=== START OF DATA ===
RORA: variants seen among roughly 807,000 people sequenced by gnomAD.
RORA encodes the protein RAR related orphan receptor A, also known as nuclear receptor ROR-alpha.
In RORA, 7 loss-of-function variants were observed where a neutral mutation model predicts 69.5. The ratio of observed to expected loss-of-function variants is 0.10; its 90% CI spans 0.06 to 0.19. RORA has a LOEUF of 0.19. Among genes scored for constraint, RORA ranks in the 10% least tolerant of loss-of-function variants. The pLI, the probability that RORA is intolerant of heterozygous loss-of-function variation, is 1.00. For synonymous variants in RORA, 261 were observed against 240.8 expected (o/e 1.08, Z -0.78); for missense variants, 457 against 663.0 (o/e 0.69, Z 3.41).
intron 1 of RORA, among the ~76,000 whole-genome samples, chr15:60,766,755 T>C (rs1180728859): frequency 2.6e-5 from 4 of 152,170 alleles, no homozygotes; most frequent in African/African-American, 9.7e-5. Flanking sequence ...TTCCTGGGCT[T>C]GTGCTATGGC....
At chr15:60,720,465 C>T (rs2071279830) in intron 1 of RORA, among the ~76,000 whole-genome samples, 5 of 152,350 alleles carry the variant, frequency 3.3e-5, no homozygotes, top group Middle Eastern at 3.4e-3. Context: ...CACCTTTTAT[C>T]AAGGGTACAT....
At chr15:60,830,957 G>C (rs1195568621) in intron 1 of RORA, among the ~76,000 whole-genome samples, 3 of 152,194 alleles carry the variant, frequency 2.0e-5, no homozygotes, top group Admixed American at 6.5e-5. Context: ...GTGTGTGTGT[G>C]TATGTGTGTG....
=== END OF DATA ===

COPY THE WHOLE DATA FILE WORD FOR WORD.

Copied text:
RORA: variants seen among roughly 807,000 people sequenced by gnomAD.
RORA encodes the protein RAR related orphan receptor A, also known as nuclear receptor ROR-alpha.
In RORA, 7 loss-of-function variants were observed where a neutral mutation model predicts 69.5. The ratio of observed to expected loss-of-function variants is 0.10; its 90% CI spans 0.06 to 0.19. RORA has a LOEUF of 0.19. Among genes scored for constraint, RORA ranks in the 10% least tolerant of loss-of-function variants. The pLI, the probability that RORA is intolerant of heterozygous loss-of-function variation, is 1.00. For synonymous variants in RORA, 261 were observed against 240.8 expected (o/e 1.08, Z -0.78); for missense variants, 457 against 663.0 (o/e 0.69, Z 3.41).
intron 1 of RORA, among the ~76,000 whole-genome samples, chr15:60,766,755 T>C (rs1180728859): frequency 2.6e-5 from 4 of 152,170 alleles, no homozygotes; most frequent in African/African-American, 9.7e-5. Flanking sequence ...TTCCTGGGCT[T>C]GTGCTATGGC....
At chr15:60,720,465 C>T (rs2071279830) in intron 1 of RORA, among the ~76,000 whole-genome samples, 5 of 152,350 alleles carry the variant, frequency 3.3e-5, no homozygotes, top group Middle Eastern at 3.4e-3. Context: ...CACCTTTTAT[C>T]AAGGGTACAT....
At chr15:60,830,957 G>C (rs1195568621) in intron 1 of RORA, among the ~76,000 whole-genome samples, 3 of 152,194 alleles carry the variant, frequency 2.0e-5, no homozygotes, top group Admixed American at 6.5e-5. Context: ...GTGTGTGTGT[G>C]TATGTGTGTG....